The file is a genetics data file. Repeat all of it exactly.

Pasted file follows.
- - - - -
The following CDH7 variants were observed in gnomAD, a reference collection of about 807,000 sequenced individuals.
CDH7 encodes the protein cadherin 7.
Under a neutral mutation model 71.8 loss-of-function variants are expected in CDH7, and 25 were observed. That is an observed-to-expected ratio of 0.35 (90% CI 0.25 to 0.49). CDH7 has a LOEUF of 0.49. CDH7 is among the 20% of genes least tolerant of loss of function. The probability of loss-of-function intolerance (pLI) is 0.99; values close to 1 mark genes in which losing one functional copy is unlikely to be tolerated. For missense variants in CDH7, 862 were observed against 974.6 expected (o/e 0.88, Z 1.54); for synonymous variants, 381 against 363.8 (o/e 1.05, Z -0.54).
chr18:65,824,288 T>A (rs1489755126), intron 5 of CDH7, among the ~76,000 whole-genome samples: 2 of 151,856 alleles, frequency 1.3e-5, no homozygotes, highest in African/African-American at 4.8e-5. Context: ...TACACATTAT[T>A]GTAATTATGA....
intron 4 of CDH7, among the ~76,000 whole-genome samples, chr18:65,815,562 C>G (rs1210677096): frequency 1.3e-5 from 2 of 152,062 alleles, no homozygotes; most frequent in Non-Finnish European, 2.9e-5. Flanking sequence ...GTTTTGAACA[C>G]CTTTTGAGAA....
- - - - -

The following CDH7 variants were observed in gnomAD, a reference collection of about 807,000 sequenced individuals.
CDH7 encodes the protein cadherin 7.
Under a neutral mutation model 71.8 loss-of-function variants are expected in CDH7, and 25 were observed. That is an observed-to-expected ratio of 0.35 (90% CI 0.25 to 0.49). CDH7 has a LOEUF of 0.49. CDH7 is among the 20% of genes least tolerant of loss of function. The probability of loss-of-function intolerance (pLI) is 0.99; values close to 1 mark genes in which losing one functional copy is unlikely to be tolerated. For missense variants in CDH7, 862 were observed against 974.6 expected (o/e 0.88, Z 1.54); for synonymous variants, 381 against 363.8 (o/e 1.05, Z -0.54).
chr18:65,824,288 T>A (rs1489755126), intron 5 of CDH7, among the ~76,000 whole-genome samples: 2 of 151,856 alleles, frequency 1.3e-5, no homozygotes, highest in African/African-American at 4.8e-5. Context: ...TACACATTAT[T>A]GTAATTATGA....
intron 4 of CDH7, among the ~76,000 whole-genome samples, chr18:65,815,562 C>G (rs1210677096): frequency 1.3e-5 from 2 of 152,062 alleles, no homozygotes; most frequent in Non-Finnish European, 2.9e-5. Flanking sequence ...GTTTTGAACA[C>G]CTTTTGAGAA....